Participants of manned missions to the Moon were at risk for cardiovascular diseases. Heart attacks and other dangerous problems were recorded in them several times more often than in "ordinary" cosmonauts who did not leave Earth's orbit.
And we, who have never flown above the main airlines, and the astronauts working on the ISS, spend our entire lives within the global magnetic field of the Earth. Its influence extends far beyond the atmosphere, deflecting the lion's share of cosmic radiation - high-energy particles arriving at us from outside the solar system, as well as from the most active processes occurring on the sun.
So far, only 24 people have left the boundaries of the magnetosphere in history - participants in the nine lunar Apollo expeditions, which took place in 1968-1972. Of these, eight have now died, but the authors of the article, published in the journal Scientific Reports, analyzed only the first seven deaths: the eighth died later. And 43% of these deaths were associated with cardiovascular disease.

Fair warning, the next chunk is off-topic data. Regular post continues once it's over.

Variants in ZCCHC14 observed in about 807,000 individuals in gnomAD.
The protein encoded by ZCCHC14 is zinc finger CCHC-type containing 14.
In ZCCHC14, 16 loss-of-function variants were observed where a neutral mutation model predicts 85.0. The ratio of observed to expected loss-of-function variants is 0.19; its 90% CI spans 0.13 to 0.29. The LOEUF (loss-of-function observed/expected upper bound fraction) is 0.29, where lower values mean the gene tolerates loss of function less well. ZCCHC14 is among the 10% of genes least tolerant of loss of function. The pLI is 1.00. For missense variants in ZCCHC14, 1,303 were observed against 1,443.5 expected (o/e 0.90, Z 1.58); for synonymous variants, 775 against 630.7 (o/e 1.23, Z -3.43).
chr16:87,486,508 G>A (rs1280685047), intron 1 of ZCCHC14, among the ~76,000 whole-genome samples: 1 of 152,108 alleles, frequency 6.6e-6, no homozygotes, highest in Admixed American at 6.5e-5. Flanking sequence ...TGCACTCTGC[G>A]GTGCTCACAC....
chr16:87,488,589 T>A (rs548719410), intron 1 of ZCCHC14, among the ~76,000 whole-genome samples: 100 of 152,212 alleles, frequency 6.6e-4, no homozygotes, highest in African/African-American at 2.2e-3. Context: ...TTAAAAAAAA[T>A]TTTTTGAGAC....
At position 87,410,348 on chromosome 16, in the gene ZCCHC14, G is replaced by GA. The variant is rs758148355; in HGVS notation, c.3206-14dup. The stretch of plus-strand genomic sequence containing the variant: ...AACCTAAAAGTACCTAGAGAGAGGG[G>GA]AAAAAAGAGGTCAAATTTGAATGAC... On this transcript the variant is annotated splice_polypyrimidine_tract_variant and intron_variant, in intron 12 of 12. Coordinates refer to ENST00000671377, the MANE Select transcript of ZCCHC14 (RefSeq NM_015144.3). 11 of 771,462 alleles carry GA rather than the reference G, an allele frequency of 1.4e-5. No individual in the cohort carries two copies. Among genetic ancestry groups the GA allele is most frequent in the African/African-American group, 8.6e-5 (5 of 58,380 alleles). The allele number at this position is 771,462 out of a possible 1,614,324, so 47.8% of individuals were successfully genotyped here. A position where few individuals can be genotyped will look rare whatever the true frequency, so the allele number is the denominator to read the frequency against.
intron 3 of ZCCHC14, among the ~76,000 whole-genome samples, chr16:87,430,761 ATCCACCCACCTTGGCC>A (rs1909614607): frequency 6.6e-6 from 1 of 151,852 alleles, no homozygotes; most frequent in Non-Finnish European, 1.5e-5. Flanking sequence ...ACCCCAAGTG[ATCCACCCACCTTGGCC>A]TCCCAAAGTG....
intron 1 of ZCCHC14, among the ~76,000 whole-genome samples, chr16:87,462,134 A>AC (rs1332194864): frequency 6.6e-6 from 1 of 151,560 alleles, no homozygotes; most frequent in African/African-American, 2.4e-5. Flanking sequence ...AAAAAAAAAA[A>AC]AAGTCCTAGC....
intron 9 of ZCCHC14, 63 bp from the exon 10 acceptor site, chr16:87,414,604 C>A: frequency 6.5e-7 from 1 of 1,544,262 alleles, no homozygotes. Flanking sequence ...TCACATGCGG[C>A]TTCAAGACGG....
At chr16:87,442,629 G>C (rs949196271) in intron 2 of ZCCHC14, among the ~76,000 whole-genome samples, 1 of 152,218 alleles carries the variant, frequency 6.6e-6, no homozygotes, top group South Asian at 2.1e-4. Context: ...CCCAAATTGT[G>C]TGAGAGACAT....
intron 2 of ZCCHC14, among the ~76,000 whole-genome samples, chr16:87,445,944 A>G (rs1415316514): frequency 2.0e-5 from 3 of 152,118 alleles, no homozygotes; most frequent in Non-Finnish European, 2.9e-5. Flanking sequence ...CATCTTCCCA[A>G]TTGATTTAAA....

Michael Delp and colleagues at Florida State University and NASA note that this figure is 4-5 times higher than that of astronauts in low-Earth orbit (11%), and almost double the population average of 27 % (US data). For flightless astronauts, it was 9% at all. Scientists have suggested that the reason for this may be particles of cosmic radiation. And to test this, laboratory experiments were carried out.
The mice were kept in the vivarium for six months on a normal and sufficient diet, but under radiation that mimicked the level of cosmic radiation received by astronauts in the Apollo spacecraft. For mice in the other group, weightlessness was simulated using the NASA-approved Morey-Holton method, with rear belt unloading by hanging from the base of the tail. In the third group, both radiation and "weightlessness" were used.
Six months for mice is a quarter of their life, and by the end of this period those of them that were exposed to radiation, indeed, had problems with the cardiovascular system. Scientists have shown that they are associated with damage to signaling pathways and dysregulation of endothelial tone - the cells that line the inner surface of blood vessels and largely ensure their work.